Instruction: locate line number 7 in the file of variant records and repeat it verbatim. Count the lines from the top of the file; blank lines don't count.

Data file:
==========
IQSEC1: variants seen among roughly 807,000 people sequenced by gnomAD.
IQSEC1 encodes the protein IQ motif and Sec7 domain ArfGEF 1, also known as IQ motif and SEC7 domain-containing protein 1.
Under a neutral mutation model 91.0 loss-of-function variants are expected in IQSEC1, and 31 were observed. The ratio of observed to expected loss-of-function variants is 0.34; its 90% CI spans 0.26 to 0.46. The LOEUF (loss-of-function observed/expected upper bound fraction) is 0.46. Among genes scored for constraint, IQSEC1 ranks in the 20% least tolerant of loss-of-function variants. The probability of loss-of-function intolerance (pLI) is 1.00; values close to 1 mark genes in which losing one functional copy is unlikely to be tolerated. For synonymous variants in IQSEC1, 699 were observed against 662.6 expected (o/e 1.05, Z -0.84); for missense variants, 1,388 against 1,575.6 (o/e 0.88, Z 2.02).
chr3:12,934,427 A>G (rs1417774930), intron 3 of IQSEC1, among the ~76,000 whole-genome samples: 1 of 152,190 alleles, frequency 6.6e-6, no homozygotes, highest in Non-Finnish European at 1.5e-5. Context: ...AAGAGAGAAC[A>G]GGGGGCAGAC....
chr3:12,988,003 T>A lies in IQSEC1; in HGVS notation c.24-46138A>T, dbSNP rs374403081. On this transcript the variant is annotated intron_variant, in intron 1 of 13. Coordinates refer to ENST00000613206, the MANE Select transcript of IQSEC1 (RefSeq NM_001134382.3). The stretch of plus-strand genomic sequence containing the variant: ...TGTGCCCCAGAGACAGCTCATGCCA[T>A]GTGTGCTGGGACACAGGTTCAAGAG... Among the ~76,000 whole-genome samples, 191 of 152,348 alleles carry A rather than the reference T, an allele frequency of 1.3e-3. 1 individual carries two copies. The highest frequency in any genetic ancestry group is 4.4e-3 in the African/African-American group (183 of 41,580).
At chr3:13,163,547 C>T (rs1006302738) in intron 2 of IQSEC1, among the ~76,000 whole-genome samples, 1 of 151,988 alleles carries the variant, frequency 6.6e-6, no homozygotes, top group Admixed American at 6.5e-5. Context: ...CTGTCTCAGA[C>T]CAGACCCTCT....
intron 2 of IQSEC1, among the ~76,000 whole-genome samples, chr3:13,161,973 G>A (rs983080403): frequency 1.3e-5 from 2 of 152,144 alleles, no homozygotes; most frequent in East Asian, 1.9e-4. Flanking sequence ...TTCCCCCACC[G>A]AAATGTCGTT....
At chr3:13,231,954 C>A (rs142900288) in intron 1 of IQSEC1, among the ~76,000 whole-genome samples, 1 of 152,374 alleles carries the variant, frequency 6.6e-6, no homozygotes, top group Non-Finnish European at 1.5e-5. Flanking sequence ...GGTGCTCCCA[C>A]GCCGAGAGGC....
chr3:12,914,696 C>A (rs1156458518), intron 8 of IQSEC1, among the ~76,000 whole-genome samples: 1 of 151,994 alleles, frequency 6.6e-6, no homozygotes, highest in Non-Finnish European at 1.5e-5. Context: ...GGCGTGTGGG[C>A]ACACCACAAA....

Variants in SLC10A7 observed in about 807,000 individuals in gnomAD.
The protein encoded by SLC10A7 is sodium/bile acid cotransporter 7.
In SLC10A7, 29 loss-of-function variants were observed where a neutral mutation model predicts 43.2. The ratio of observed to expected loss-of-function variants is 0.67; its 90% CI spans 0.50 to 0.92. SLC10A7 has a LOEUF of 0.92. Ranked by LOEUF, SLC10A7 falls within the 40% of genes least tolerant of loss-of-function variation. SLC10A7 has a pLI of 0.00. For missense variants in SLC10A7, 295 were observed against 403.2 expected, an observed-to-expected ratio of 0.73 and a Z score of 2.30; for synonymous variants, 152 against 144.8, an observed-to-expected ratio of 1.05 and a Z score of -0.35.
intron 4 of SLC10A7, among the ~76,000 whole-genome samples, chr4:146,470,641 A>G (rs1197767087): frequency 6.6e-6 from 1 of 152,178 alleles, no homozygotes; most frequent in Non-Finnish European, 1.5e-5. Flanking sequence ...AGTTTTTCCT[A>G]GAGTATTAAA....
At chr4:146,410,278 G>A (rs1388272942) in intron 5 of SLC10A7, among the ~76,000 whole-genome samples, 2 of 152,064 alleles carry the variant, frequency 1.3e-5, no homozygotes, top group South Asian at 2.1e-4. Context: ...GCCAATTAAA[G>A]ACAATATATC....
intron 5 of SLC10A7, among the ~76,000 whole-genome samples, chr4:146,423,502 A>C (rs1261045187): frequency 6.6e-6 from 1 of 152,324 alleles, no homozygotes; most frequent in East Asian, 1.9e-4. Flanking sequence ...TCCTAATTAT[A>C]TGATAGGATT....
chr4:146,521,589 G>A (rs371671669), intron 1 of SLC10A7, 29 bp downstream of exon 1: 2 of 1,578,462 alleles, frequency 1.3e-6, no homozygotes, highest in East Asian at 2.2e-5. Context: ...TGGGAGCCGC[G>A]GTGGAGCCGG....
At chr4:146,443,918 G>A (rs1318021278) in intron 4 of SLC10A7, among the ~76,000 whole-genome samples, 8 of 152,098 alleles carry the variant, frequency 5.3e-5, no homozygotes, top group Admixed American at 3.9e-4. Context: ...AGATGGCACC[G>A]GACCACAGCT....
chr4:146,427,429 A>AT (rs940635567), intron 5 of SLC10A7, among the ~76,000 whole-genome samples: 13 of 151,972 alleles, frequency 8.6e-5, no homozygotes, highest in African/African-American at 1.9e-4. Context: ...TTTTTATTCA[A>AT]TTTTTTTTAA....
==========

intron 2 of IQSEC1, among the ~76,000 whole-genome samples, chr3:13,161,973 G>A (rs983080403): frequency 1.3e-5 from 2 of 152,144 alleles, no homozygotes; most frequent in East Asian, 1.9e-4. Flanking sequence ...TTCCCCCACC[G>A]AAATGTCGTT....